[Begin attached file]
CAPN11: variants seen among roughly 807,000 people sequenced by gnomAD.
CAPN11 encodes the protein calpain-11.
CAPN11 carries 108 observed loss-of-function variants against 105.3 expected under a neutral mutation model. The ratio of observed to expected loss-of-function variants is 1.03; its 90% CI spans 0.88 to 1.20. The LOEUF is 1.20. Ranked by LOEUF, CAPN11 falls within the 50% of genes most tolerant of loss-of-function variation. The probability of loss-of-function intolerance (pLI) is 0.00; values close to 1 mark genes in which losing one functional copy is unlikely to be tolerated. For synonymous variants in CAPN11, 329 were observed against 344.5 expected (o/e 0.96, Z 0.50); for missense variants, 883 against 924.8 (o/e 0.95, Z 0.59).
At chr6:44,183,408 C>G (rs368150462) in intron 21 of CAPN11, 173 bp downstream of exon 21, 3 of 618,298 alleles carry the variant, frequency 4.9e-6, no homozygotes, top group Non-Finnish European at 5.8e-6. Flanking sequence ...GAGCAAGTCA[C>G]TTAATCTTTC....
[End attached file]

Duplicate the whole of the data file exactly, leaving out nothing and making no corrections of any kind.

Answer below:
CAPN11: variants seen among roughly 807,000 people sequenced by gnomAD.
CAPN11 encodes the protein calpain-11.
CAPN11 carries 108 observed loss-of-function variants against 105.3 expected under a neutral mutation model. The ratio of observed to expected loss-of-function variants is 1.03; its 90% CI spans 0.88 to 1.20. The LOEUF is 1.20. Ranked by LOEUF, CAPN11 falls within the 50% of genes most tolerant of loss-of-function variation. The probability of loss-of-function intolerance (pLI) is 0.00; values close to 1 mark genes in which losing one functional copy is unlikely to be tolerated. For synonymous variants in CAPN11, 329 were observed against 344.5 expected (o/e 0.96, Z 0.50); for missense variants, 883 against 924.8 (o/e 0.95, Z 0.59).
At chr6:44,183,408 C>G (rs368150462) in intron 21 of CAPN11, 173 bp downstream of exon 21, 3 of 618,298 alleles carry the variant, frequency 4.9e-6, no homozygotes, top group Non-Finnish European at 5.8e-6. Flanking sequence ...GAGCAAGTCA[C>G]TTAATCTTTC....